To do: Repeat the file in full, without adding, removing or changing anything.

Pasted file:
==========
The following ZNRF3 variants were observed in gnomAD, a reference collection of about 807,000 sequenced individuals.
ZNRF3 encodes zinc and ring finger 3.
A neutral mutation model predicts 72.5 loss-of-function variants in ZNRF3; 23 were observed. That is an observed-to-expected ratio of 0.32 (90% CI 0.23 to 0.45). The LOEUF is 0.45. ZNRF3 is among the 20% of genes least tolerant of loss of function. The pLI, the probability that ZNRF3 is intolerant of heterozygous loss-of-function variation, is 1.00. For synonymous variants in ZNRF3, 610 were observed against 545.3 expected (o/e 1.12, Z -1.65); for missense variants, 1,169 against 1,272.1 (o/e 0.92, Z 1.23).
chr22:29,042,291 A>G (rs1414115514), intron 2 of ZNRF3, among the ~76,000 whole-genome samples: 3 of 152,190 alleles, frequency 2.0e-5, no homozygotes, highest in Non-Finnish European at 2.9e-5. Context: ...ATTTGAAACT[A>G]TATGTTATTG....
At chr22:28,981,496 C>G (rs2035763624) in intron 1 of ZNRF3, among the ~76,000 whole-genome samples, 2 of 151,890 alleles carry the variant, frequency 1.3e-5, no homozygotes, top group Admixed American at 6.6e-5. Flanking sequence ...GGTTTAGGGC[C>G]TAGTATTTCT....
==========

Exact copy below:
The following ZNRF3 variants were observed in gnomAD, a reference collection of about 807,000 sequenced individuals.
ZNRF3 encodes zinc and ring finger 3.
A neutral mutation model predicts 72.5 loss-of-function variants in ZNRF3; 23 were observed. That is an observed-to-expected ratio of 0.32 (90% CI 0.23 to 0.45). The LOEUF is 0.45. ZNRF3 is among the 20% of genes least tolerant of loss of function. The pLI, the probability that ZNRF3 is intolerant of heterozygous loss-of-function variation, is 1.00. For synonymous variants in ZNRF3, 610 were observed against 545.3 expected (o/e 1.12, Z -1.65); for missense variants, 1,169 against 1,272.1 (o/e 0.92, Z 1.23).
chr22:29,042,291 A>G (rs1414115514), intron 2 of ZNRF3, among the ~76,000 whole-genome samples: 3 of 152,190 alleles, frequency 2.0e-5, no homozygotes, highest in Non-Finnish European at 2.9e-5. Context: ...ATTTGAAACT[A>G]TATGTTATTG....
At chr22:28,981,496 C>G (rs2035763624) in intron 1 of ZNRF3, among the ~76,000 whole-genome samples, 2 of 151,890 alleles carry the variant, frequency 1.3e-5, no homozygotes, top group Admixed American at 6.6e-5. Flanking sequence ...GGTTTAGGGC[C>G]TAGTATTTCT....